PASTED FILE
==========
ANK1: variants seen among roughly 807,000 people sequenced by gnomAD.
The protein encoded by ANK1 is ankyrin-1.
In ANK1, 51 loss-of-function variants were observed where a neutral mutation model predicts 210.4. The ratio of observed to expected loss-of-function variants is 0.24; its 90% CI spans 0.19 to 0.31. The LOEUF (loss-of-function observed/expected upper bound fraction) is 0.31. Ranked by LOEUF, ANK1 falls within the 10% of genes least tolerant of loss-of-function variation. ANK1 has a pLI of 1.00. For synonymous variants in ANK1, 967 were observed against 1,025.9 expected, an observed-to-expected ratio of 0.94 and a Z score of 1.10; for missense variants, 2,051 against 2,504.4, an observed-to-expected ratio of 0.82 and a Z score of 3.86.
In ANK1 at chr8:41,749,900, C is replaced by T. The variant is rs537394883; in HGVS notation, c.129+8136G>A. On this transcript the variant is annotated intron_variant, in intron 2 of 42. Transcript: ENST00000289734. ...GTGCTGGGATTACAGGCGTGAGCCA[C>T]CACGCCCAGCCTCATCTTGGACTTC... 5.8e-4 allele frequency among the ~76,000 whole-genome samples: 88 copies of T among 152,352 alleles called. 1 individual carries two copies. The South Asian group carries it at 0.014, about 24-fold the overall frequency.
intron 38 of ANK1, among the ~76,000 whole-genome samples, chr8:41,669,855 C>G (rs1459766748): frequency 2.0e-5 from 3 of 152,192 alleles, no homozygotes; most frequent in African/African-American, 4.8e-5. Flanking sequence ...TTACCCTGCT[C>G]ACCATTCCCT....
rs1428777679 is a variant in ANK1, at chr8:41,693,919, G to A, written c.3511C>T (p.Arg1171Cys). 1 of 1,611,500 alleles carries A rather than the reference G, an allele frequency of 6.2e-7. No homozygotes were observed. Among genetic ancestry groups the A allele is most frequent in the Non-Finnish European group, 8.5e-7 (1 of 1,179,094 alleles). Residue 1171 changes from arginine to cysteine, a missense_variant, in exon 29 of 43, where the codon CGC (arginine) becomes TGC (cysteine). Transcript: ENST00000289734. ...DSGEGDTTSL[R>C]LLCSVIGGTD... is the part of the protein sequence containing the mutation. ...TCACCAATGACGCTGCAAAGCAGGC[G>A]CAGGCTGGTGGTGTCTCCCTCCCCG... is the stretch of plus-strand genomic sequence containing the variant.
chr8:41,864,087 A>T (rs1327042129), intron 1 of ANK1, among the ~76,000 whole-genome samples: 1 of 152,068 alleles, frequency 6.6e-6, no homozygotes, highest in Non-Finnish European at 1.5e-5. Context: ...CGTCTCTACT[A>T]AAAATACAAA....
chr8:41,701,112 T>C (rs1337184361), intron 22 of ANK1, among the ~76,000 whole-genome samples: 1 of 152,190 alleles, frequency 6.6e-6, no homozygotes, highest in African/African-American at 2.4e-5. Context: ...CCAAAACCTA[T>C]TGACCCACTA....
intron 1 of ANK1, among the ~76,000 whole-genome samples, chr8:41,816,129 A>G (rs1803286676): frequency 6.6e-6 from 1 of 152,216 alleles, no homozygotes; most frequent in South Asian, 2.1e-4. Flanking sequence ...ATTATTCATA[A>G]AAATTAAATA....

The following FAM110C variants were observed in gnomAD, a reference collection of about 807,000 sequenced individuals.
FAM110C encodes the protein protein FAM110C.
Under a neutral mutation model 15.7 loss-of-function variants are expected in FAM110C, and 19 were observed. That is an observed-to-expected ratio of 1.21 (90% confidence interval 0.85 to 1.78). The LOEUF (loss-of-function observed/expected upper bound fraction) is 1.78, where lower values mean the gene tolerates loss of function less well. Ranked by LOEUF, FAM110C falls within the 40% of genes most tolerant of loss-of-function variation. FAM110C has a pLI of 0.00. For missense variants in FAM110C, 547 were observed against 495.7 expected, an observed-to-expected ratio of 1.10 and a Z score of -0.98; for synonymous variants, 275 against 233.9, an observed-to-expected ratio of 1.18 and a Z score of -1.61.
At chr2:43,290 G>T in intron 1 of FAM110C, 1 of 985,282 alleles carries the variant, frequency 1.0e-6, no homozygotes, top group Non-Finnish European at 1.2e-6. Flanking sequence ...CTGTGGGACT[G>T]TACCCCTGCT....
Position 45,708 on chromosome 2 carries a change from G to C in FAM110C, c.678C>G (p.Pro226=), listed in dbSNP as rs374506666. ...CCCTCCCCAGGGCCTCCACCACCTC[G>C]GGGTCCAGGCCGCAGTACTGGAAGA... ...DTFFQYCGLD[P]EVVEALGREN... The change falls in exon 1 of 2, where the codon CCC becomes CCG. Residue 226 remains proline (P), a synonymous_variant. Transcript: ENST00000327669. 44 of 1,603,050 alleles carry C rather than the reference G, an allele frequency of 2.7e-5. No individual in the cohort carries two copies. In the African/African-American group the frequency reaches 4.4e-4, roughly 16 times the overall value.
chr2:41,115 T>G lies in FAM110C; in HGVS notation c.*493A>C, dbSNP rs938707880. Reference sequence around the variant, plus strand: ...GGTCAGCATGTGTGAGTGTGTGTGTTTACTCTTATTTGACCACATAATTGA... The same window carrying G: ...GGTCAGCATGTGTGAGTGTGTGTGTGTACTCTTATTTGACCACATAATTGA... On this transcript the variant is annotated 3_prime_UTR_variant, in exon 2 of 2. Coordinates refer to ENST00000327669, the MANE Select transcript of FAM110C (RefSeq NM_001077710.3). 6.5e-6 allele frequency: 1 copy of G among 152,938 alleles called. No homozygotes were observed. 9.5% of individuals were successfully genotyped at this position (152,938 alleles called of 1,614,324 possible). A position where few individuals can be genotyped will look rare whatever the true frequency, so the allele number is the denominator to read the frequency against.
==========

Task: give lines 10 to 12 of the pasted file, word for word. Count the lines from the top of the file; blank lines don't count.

The following FAM110C variants were observed in gnomAD, a reference collection of about 807,000 sequenced individuals.
FAM110C encodes the protein protein FAM110C.
Under a neutral mutation model 15.7 loss-of-function variants are expected in FAM110C, and 19 were observed. That is an observed-to-expected ratio of 1.21 (90% confidence interval 0.85 to 1.78). The LOEUF (loss-of-function observed/expected upper bound fraction) is 1.78, where lower values mean the gene tolerates loss of function less well. Ranked by LOEUF, FAM110C falls within the 40% of genes most tolerant of loss-of-function variation. FAM110C has a pLI of 0.00. For missense variants in FAM110C, 547 were observed against 495.7 expected, an observed-to-expected ratio of 1.10 and a Z score of -0.98; for synonymous variants, 275 against 233.9, an observed-to-expected ratio of 1.18 and a Z score of -1.61.